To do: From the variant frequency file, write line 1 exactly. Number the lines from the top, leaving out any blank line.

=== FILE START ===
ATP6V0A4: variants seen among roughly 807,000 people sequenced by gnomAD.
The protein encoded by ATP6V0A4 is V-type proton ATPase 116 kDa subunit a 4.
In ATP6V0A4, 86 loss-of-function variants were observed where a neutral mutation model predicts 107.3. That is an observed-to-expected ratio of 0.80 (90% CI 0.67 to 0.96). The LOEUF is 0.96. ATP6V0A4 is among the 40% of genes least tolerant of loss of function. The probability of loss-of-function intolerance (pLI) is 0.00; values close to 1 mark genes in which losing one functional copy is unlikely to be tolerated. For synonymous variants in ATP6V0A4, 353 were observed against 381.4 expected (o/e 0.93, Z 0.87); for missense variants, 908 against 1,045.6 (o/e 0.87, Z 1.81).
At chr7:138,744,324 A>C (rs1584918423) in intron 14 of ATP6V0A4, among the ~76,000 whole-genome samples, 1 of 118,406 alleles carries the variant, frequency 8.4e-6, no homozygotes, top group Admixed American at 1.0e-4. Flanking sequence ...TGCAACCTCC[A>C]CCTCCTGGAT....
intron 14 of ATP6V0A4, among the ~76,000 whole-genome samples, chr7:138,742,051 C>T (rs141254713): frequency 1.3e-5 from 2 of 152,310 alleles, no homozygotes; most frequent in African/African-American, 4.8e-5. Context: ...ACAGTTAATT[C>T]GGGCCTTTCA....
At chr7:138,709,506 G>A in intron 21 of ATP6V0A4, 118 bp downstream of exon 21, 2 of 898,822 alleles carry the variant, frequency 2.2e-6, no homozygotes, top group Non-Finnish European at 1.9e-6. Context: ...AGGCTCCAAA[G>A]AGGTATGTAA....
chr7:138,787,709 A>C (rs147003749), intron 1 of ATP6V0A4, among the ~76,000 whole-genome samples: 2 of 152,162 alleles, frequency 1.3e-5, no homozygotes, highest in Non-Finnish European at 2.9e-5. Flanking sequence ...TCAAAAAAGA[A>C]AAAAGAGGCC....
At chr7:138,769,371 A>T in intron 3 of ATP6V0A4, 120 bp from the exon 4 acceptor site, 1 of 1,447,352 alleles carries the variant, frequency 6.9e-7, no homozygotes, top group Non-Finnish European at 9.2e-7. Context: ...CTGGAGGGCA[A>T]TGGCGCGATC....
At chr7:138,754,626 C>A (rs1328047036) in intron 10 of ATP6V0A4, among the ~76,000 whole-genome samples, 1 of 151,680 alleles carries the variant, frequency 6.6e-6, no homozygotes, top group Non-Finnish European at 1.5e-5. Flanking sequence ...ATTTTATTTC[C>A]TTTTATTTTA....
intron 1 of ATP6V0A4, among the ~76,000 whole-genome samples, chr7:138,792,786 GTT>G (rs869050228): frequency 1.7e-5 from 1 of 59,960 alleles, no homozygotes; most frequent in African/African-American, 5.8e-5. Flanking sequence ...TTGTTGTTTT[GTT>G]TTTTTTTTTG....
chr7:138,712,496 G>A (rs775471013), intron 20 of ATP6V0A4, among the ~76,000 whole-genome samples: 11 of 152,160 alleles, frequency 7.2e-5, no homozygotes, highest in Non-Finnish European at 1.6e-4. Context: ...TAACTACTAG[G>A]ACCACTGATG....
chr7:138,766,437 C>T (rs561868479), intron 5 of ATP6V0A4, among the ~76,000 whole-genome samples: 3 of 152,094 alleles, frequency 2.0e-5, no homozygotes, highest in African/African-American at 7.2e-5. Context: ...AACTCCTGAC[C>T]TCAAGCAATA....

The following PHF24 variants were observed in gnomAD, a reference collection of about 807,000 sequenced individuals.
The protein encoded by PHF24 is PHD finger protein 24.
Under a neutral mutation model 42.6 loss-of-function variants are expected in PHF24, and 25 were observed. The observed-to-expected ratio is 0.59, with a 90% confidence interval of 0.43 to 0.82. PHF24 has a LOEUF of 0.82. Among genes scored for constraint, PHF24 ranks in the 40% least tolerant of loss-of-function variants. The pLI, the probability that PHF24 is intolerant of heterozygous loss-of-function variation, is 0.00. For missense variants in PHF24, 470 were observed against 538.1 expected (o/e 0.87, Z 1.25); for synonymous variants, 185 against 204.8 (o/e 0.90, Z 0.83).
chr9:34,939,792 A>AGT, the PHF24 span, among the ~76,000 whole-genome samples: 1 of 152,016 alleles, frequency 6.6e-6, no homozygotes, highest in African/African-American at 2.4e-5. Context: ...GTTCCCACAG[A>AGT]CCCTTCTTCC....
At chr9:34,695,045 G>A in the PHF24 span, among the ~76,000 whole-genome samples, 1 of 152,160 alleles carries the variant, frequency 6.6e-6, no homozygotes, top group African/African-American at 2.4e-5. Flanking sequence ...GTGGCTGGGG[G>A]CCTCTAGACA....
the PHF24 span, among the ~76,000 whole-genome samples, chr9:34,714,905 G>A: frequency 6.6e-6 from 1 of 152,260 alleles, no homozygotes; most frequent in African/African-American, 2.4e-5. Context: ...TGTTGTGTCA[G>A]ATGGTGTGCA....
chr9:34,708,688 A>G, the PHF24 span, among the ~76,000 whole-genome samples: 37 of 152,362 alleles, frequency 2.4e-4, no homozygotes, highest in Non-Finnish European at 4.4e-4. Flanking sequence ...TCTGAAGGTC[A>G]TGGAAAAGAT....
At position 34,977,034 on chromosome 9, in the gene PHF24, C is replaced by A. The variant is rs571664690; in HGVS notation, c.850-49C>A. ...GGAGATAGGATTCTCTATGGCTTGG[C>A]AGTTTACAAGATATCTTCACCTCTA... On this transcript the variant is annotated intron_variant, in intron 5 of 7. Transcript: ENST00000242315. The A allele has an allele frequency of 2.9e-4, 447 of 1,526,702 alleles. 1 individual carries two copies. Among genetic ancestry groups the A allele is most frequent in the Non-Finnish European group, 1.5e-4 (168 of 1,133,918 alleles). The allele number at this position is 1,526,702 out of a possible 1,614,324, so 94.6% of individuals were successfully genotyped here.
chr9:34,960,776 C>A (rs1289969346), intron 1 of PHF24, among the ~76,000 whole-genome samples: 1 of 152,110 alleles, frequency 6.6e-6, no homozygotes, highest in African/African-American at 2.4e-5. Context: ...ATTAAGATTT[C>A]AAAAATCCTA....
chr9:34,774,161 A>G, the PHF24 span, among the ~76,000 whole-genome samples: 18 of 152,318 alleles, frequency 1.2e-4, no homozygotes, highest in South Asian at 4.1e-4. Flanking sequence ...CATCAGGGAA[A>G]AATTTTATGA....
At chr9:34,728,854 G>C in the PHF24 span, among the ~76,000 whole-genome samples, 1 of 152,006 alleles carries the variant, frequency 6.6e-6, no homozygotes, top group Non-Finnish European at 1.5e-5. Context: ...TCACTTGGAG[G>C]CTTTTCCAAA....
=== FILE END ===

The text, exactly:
ATP6V0A4: variants seen among roughly 807,000 people sequenced by gnomAD.